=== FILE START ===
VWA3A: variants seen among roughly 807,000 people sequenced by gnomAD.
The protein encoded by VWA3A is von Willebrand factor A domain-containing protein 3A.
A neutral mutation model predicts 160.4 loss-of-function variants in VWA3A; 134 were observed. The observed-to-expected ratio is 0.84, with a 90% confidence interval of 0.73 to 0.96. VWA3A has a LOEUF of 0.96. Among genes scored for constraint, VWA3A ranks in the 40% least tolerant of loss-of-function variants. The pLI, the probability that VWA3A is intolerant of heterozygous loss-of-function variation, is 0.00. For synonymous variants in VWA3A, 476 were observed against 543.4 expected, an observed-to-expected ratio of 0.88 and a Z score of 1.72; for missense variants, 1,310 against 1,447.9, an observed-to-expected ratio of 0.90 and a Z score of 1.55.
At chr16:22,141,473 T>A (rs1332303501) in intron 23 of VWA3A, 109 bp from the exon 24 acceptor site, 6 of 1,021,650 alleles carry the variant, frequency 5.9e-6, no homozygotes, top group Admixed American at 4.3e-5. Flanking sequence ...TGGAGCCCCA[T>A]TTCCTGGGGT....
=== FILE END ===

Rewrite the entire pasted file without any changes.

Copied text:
VWA3A: variants seen among roughly 807,000 people sequenced by gnomAD.
The protein encoded by VWA3A is von Willebrand factor A domain-containing protein 3A.
A neutral mutation model predicts 160.4 loss-of-function variants in VWA3A; 134 were observed. The observed-to-expected ratio is 0.84, with a 90% confidence interval of 0.73 to 0.96. VWA3A has a LOEUF of 0.96. Among genes scored for constraint, VWA3A ranks in the 40% least tolerant of loss-of-function variants. The pLI, the probability that VWA3A is intolerant of heterozygous loss-of-function variation, is 0.00. For synonymous variants in VWA3A, 476 were observed against 543.4 expected, an observed-to-expected ratio of 0.88 and a Z score of 1.72; for missense variants, 1,310 against 1,447.9, an observed-to-expected ratio of 0.90 and a Z score of 1.55.
At chr16:22,141,473 T>A (rs1332303501) in intron 23 of VWA3A, 109 bp from the exon 24 acceptor site, 6 of 1,021,650 alleles carry the variant, frequency 5.9e-6, no homozygotes, top group Admixed American at 4.3e-5. Flanking sequence ...TGGAGCCCCA[T>A]TTCCTGGGGT....